I'm onto the next desktop disk holder. I haven't hit a bad sector on any of these disks, which has made for a very refreshing change.
The back of the holder was filled with 31 disks of a brand that I hadn't seen before: Quill? Each disk had a "fresh" blank label on it. I had hoped that someone was lazy and that these were download disks with a jackpot of unlabeled miscellaneous programs. I sampled five, and they were all unformatted. Too bad, but at least I've got a fresh set of disks that I can safely use for my own purposes.
To date, I've been skipping any commercially published disks (both original and copied) where I'm pretty sure that someone would have already archived them online. MULE? Skip! Goonies? Skip! Zork? (Checks version.) SKIP! Also skipping personal documents, financial software data disks, etc. As I go through these, I'm so proud to see that my fellow collectors actually purchased so much of their software back in the day.
In the front of this next disk holder, I've got an original subLOGIC Flight Simulator II disk and a Scenery Disk (Chicago, LA, Seattle, New York). SKIP! After that were two disks with some nicely printed homemade labels. First one says Flight Simulator II Front: Game, Back: Scenery. (Seems like a backup copy. SKIP!) The next disk was more puzzling. It was DIY double-sided, no write-protect tabs, and is labeled "Flight Simulator II Mode Library Disk". Let me know if it is worth the effort of archiving and uploading.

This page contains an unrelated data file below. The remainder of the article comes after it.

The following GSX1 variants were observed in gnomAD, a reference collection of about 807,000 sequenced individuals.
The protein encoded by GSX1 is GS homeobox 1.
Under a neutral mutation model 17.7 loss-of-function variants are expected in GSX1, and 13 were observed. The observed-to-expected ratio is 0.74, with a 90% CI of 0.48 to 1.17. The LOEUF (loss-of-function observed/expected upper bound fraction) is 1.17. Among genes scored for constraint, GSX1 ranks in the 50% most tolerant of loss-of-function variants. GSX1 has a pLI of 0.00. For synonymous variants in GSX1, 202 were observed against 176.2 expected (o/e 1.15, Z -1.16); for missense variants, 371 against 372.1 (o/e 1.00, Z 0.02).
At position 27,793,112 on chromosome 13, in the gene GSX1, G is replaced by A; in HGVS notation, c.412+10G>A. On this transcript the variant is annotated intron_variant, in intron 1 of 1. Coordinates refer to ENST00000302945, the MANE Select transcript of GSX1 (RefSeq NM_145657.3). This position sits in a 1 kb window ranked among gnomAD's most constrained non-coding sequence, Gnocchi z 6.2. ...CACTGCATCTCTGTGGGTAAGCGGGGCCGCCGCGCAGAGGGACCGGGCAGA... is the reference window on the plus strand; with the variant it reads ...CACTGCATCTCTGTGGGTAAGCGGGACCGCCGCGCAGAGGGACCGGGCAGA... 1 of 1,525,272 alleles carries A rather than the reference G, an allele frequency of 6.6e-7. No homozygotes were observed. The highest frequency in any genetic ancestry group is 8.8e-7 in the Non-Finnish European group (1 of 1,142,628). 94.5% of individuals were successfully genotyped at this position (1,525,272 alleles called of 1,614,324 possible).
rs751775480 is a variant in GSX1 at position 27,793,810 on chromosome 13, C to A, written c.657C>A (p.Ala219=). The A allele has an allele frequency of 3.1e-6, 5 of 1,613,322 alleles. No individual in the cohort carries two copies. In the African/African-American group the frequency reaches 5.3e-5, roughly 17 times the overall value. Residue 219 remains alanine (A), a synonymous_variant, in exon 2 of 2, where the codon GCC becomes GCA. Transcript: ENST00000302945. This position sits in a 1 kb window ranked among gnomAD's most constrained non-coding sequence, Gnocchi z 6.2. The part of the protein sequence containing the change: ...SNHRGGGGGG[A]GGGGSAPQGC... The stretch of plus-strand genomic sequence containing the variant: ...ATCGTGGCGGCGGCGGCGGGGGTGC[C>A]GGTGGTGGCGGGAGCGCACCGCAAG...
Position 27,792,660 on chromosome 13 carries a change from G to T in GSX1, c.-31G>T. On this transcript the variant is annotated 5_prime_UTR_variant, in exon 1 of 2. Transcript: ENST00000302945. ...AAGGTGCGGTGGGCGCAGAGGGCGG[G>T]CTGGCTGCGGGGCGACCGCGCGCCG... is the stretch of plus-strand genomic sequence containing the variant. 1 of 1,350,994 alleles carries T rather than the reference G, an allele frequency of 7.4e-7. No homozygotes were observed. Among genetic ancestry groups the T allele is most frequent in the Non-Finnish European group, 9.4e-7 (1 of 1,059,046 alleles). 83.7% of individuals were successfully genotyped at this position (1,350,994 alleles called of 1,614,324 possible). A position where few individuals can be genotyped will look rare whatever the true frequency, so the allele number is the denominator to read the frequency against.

The rest of the case contains four otherwise empty DOS disks, and seven disks labeled with freeware BASIC programs. I remember that at least two of you have been requesting BASIC programs, and it looks like we've got quite a few that are spread throughout those remaining disks. Also, it looks I wasn't the only one in my area who constructed the Cheap Talk Voice Synthesizer back in the day. (A voice-synthesis chip, I believe from Radio Shack, is connected to the Atari in parallel through an interface with two of the joystick ports, either 1&2 or 3&4. I'm pretty sure I threw mine away a decade or two ago.) There are a couple of mid-sized programs for it and a handful of smaller demo programs.
After that, the next disk holder looks like someone's collection of terminal programs, and a commercial word processor called Cut & Paste from that famous productivity software company that we all know and love... Electronic Arts?! Does it need archiving? After that, I'll be hunting down more disks. I'm still trying to locate my own personal 100 to 200 or so disks from back in the day. So far, only one of the disks that I've uploaded so far were part of my own original collection.